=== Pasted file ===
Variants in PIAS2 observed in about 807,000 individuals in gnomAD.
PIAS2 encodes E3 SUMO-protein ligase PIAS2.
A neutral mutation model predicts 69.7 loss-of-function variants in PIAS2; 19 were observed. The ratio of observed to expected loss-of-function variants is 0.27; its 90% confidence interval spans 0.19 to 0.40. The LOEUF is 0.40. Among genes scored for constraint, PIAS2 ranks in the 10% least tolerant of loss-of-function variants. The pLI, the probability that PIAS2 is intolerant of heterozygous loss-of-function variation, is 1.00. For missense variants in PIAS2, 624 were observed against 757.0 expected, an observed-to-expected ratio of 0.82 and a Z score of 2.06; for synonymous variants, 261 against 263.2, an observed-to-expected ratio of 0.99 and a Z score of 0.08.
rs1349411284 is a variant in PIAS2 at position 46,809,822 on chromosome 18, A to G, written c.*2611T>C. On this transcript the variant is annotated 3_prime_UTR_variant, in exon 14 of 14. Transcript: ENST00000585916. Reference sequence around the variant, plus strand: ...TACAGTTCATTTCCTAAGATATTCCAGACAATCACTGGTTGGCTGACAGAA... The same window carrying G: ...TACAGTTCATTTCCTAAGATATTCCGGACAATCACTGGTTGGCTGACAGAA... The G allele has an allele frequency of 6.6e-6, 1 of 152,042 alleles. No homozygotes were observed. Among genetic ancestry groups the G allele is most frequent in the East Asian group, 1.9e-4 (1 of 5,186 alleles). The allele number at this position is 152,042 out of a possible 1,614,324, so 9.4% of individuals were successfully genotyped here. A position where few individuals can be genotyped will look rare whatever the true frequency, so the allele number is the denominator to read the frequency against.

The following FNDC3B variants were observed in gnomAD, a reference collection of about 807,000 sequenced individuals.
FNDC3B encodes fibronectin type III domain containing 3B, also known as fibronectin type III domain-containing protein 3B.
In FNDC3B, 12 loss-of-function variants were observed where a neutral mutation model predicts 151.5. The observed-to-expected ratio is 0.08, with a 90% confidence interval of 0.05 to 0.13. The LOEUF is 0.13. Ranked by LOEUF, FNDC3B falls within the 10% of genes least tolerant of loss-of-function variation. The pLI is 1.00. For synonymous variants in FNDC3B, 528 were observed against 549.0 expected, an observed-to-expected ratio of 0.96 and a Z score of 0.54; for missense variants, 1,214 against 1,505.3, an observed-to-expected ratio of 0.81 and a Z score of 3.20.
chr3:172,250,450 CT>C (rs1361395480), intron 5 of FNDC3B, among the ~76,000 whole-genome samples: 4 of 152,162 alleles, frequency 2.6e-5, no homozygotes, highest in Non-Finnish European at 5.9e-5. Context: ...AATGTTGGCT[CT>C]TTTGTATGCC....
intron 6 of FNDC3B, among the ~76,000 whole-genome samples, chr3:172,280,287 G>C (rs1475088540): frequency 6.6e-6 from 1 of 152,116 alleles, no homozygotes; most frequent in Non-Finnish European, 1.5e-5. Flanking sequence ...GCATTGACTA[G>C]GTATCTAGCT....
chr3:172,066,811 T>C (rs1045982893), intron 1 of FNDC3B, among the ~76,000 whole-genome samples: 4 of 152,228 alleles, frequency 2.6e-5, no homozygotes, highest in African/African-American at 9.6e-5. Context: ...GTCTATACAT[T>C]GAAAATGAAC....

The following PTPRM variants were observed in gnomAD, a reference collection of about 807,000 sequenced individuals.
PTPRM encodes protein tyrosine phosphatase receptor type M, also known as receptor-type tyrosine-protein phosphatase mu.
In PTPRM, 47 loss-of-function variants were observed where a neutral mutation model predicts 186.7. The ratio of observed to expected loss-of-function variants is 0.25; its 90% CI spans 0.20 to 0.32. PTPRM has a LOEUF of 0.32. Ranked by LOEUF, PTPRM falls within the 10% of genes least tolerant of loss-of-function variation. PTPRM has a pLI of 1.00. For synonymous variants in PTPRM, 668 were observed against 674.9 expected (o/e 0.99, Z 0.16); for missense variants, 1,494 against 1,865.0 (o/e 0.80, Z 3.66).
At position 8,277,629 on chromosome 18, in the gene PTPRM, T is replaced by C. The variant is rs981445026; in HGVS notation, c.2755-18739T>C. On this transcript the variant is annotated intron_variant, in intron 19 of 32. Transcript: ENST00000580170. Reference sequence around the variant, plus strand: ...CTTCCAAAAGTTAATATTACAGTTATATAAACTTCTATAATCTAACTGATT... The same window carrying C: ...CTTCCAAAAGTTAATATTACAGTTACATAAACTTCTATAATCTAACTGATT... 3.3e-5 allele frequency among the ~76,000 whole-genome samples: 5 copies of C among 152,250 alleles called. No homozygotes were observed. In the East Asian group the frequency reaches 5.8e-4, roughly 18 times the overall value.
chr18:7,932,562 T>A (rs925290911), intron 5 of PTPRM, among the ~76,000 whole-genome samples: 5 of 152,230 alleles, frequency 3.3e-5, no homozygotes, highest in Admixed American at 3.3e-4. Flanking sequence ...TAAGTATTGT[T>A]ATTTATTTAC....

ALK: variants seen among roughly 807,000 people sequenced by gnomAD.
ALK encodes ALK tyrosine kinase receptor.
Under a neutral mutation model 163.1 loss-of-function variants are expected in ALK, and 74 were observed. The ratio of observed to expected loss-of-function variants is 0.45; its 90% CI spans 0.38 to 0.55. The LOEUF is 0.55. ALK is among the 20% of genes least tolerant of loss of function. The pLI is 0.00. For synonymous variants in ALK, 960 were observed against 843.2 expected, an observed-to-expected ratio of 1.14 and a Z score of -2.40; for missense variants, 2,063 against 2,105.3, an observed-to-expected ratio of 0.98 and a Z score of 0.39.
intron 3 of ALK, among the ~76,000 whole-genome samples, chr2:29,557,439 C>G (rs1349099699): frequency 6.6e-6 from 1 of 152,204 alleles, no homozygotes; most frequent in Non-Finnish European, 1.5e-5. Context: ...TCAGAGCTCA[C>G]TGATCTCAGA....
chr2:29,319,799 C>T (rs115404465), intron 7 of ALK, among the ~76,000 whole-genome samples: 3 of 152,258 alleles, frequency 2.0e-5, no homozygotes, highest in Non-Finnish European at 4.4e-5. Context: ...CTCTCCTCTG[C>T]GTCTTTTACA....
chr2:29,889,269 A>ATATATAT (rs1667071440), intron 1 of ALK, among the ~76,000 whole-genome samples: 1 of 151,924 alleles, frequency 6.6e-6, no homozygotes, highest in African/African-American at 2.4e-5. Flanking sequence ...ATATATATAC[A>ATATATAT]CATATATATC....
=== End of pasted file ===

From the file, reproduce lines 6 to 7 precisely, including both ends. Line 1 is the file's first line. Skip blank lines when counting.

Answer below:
FNDC3B encodes fibronectin type III domain containing 3B, also known as fibronectin type III domain-containing protein 3B.
In FNDC3B, 12 loss-of-function variants were observed where a neutral mutation model predicts 151.5. The observed-to-expected ratio is 0.08, with a 90% confidence interval of 0.05 to 0.13. The LOEUF is 0.13. Ranked by LOEUF, FNDC3B falls within the 10% of genes least tolerant of loss-of-function variation. The pLI is 1.00. For synonymous variants in FNDC3B, 528 were observed against 549.0 expected, an observed-to-expected ratio of 0.96 and a Z score of 0.54; for missense variants, 1,214 against 1,505.3, an observed-to-expected ratio of 0.81 and a Z score of 3.20.